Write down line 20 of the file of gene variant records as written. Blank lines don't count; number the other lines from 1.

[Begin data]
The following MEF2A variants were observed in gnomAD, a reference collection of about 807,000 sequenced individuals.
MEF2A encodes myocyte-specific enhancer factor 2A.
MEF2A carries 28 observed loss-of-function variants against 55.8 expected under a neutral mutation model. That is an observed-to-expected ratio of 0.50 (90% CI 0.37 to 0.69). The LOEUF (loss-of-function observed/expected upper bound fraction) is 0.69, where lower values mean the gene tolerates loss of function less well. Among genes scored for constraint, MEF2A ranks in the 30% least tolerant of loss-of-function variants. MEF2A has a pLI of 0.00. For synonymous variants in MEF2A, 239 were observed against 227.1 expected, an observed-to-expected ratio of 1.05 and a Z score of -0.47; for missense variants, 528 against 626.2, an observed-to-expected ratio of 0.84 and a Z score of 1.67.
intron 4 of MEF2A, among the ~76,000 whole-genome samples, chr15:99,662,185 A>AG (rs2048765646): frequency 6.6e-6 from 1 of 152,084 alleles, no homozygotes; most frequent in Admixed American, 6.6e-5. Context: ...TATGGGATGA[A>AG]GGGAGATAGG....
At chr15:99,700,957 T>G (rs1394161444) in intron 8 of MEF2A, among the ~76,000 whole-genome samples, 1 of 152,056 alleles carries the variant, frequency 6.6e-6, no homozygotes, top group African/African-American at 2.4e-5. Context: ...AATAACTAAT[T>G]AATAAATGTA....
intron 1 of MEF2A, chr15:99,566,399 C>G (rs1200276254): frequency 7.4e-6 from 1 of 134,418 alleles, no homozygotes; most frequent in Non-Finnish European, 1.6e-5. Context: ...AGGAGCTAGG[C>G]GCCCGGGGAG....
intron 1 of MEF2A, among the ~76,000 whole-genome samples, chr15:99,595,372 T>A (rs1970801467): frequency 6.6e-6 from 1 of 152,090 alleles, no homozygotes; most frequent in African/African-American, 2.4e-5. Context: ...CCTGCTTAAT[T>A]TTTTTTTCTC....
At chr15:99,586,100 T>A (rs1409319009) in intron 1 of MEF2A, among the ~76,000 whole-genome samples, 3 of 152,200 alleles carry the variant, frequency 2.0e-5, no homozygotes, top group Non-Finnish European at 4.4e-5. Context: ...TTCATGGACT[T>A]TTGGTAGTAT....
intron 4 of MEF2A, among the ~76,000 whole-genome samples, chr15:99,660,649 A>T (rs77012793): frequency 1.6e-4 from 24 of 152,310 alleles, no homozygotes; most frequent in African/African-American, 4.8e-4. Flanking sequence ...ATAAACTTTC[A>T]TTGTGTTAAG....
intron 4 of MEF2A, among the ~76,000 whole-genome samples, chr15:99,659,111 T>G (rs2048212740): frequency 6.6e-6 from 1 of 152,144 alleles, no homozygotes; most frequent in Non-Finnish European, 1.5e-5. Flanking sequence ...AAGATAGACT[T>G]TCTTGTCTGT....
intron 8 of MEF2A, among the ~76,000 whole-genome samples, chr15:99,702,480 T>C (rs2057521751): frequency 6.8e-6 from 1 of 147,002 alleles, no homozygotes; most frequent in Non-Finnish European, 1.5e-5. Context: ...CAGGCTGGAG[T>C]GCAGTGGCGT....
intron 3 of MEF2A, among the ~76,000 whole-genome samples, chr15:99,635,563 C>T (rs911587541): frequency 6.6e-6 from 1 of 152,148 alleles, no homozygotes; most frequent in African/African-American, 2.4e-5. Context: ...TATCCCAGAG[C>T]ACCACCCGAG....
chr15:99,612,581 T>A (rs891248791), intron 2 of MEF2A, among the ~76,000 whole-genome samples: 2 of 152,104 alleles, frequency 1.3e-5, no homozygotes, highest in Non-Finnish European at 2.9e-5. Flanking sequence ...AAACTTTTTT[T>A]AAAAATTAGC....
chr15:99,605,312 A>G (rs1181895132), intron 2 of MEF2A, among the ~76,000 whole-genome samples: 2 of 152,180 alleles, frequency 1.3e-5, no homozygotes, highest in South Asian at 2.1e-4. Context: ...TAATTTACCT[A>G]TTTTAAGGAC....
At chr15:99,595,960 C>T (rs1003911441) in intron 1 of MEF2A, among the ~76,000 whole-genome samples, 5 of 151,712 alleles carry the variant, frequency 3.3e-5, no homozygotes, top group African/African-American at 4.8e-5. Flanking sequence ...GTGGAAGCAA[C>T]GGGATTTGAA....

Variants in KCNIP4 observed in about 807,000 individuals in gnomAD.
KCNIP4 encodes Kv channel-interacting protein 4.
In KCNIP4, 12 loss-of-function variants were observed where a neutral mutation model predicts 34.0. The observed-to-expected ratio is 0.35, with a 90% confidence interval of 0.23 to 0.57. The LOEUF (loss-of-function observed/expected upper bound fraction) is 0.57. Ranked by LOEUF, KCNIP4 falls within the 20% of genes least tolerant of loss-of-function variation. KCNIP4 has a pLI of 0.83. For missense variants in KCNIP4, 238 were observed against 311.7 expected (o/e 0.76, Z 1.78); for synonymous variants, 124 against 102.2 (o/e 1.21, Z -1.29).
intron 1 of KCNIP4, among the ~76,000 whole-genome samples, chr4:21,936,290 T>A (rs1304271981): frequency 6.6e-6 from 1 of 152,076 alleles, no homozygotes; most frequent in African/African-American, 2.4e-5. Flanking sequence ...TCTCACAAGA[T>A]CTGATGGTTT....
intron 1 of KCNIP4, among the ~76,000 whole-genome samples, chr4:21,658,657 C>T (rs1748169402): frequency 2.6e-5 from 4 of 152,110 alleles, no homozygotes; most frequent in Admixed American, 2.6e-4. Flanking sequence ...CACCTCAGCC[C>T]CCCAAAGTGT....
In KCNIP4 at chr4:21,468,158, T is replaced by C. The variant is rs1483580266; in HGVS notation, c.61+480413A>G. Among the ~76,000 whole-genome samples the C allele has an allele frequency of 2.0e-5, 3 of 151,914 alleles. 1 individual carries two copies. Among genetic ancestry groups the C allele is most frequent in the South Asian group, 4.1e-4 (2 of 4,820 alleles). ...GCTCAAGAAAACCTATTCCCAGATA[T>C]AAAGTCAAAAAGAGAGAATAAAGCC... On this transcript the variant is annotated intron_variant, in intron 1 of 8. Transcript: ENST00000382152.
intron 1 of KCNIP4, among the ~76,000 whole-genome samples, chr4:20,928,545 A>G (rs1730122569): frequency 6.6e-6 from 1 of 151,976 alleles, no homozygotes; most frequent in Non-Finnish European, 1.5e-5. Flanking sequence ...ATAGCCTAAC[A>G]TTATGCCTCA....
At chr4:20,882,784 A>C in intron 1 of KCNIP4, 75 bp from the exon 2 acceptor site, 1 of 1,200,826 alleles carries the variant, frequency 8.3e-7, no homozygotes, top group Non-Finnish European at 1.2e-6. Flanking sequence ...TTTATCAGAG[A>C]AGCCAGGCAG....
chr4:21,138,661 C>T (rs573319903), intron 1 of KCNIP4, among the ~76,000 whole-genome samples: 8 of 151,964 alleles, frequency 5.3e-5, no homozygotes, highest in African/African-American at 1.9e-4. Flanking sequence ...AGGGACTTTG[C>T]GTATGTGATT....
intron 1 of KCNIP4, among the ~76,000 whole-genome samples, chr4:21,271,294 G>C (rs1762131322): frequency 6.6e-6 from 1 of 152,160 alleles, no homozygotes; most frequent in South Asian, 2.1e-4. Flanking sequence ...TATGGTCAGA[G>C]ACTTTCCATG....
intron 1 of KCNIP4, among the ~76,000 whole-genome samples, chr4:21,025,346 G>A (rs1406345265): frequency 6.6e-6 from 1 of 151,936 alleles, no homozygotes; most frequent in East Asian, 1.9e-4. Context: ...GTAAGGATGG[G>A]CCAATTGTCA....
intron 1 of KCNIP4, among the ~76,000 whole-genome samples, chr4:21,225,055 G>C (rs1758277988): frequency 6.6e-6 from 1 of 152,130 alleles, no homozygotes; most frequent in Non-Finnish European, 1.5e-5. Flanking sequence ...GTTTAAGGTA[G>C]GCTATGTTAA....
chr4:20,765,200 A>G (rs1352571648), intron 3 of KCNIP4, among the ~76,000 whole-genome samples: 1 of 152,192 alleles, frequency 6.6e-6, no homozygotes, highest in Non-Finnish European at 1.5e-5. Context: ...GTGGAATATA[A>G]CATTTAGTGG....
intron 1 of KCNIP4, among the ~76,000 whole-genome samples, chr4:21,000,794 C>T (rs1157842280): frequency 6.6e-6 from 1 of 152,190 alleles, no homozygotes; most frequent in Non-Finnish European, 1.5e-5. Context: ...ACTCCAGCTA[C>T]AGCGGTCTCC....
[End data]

intron 1 of KCNIP4, among the ~76,000 whole-genome samples, chr4:21,658,657 C>T (rs1748169402): frequency 2.6e-5 from 4 of 152,110 alleles, no homozygotes; most frequent in Admixed American, 2.6e-4. Flanking sequence ...CACCTCAGCC[C>T]CCCAAAGTGT....